What led Cassius and Brutus to kill Caesar?

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robertwilliam eNotes educator| Certified Educator

Two different motives, I think. Cassius seems pent-up with personal aggression towards Caesar, and real envy of how powerful he has become:

He had a fever when he was in Spain...
Ye gods! It doth amaze me
A man of such a feeble temper should
So get the start of the majestic world
And bear the palm alone.

He persuades Brutus by giving examples of Caesar's weakness, and employing extraordinary similes ("like a colossus...") to emphasise that Caesar has become extremely, extremely powerful. Cassius himself though, is never really presented as having honourable motives. He's serving his own interest, and his own dislike of Caesar: even Caesar himself says that men like Cassius "are never at heart's ease / When they behold a greater than themselves".

Brutus is made to seem much more noble and honourable. He himself claims that it's "not because I loved Caesar less, but because I loved Rome more". Yet Brutus is also hugely self-regarding and Cassius knows where to get him:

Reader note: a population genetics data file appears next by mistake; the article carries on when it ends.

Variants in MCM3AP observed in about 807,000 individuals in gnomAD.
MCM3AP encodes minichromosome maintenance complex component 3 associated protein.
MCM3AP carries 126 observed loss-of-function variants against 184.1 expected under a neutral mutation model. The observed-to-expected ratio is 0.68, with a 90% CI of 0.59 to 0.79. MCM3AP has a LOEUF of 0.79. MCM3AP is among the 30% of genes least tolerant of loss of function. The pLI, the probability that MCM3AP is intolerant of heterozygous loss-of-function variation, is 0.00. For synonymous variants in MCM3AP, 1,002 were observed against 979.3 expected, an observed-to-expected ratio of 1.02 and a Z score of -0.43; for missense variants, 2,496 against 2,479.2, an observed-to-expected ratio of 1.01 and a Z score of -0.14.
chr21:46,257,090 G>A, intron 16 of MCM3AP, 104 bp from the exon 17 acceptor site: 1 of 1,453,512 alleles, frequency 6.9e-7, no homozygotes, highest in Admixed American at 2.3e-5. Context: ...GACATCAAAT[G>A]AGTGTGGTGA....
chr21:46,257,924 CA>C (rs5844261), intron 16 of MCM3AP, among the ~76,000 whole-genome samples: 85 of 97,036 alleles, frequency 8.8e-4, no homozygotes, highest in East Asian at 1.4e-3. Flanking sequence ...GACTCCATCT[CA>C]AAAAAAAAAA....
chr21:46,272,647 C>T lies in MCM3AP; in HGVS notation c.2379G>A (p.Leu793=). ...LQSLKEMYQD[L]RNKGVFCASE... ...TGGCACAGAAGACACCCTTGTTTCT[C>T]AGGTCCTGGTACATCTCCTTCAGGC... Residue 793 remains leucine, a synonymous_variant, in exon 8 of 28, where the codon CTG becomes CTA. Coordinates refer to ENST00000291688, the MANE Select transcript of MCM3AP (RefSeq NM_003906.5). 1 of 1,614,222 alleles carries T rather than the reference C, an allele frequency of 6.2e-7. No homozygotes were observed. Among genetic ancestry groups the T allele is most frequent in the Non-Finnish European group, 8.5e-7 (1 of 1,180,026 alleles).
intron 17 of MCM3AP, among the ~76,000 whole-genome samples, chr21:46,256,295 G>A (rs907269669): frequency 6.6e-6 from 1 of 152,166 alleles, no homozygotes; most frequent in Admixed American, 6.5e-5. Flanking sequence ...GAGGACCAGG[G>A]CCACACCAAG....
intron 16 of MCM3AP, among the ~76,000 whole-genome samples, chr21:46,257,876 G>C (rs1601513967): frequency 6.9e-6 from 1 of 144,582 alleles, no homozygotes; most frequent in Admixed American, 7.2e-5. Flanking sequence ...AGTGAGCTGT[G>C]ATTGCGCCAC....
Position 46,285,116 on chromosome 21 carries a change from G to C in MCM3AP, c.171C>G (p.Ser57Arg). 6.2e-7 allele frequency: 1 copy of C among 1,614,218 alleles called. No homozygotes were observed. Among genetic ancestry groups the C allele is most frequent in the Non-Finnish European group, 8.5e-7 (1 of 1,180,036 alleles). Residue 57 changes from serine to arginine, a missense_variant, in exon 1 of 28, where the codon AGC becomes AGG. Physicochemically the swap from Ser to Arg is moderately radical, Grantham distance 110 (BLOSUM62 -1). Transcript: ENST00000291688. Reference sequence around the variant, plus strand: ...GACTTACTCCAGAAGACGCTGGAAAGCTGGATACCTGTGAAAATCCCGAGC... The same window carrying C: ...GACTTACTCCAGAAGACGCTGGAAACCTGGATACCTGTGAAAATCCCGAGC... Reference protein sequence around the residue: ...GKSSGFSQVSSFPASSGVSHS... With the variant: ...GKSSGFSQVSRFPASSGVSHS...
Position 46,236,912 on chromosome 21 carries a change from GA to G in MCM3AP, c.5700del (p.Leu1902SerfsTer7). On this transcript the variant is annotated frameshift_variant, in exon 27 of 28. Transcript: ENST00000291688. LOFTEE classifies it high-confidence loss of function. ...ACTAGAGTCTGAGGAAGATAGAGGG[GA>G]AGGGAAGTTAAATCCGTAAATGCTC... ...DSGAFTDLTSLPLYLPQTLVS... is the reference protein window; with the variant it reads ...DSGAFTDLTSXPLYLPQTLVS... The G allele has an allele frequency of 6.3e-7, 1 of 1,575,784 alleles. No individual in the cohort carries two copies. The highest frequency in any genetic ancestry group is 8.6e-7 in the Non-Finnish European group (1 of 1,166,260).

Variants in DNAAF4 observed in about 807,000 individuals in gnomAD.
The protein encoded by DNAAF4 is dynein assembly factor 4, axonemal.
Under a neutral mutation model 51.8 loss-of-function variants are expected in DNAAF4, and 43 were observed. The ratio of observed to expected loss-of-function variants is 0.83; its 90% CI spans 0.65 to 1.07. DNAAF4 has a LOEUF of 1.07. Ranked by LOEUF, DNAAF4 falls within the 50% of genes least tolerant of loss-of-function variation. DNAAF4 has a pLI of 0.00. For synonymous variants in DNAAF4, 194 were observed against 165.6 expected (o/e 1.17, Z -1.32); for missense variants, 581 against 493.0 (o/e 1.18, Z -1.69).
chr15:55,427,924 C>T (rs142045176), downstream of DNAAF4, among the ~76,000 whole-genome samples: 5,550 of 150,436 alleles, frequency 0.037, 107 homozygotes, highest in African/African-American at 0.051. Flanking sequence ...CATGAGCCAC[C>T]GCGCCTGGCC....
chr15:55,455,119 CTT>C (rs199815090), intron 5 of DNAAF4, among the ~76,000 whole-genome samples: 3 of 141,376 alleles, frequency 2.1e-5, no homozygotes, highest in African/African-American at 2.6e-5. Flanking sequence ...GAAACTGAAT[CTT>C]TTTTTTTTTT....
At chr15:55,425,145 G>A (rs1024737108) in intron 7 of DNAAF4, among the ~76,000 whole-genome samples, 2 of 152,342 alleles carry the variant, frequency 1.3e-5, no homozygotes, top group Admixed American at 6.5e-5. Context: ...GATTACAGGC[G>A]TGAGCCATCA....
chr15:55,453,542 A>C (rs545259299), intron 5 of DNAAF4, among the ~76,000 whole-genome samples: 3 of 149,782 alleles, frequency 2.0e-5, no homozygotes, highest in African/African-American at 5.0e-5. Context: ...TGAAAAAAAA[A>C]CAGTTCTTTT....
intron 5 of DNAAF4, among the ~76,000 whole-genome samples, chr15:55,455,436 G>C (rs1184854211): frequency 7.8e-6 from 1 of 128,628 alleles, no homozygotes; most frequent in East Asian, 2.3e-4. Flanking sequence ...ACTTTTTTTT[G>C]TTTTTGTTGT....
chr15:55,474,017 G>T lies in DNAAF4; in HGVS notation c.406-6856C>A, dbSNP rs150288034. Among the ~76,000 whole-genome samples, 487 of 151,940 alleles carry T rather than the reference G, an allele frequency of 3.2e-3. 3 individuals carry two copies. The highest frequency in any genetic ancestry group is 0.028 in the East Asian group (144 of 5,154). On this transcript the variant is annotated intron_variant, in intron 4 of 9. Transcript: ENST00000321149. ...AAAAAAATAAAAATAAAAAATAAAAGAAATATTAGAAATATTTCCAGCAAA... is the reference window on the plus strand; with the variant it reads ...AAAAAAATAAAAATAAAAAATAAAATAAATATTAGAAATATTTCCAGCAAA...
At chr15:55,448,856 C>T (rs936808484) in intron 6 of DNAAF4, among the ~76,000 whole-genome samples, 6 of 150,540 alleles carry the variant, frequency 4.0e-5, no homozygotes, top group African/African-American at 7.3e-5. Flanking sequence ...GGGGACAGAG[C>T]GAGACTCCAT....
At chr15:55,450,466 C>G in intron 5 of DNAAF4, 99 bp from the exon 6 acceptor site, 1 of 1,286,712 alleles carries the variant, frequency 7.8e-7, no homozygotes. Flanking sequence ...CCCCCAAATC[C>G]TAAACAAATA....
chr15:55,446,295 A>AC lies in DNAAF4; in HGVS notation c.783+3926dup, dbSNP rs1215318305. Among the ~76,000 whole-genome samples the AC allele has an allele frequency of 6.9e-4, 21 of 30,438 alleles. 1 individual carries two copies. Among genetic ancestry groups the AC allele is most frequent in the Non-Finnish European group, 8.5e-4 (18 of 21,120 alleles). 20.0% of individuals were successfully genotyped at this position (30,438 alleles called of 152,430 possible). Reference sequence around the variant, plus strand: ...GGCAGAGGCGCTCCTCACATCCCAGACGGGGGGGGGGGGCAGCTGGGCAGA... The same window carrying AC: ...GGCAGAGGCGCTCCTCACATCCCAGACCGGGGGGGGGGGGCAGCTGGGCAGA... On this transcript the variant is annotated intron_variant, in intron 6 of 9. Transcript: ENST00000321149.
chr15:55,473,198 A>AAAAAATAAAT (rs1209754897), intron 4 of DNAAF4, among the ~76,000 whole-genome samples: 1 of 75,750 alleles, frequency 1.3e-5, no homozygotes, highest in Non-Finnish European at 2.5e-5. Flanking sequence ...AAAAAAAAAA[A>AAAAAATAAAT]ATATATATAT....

Brutus, and Caesar: what should be in that Caesar?
Why should that name be sounded more than yours?

And Brutus' response also refers to Brutus in the third person, as well as emphasising his reputation:

Brutus had rather be a villager
Than to repute himself a son of Rome
Under these hard conditions...

So both are motivated by the good of Rome, and their own personal gain. Traditionally Cassius has been supposed the more self-serving. I think Brutus is. 

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Julius Caesar

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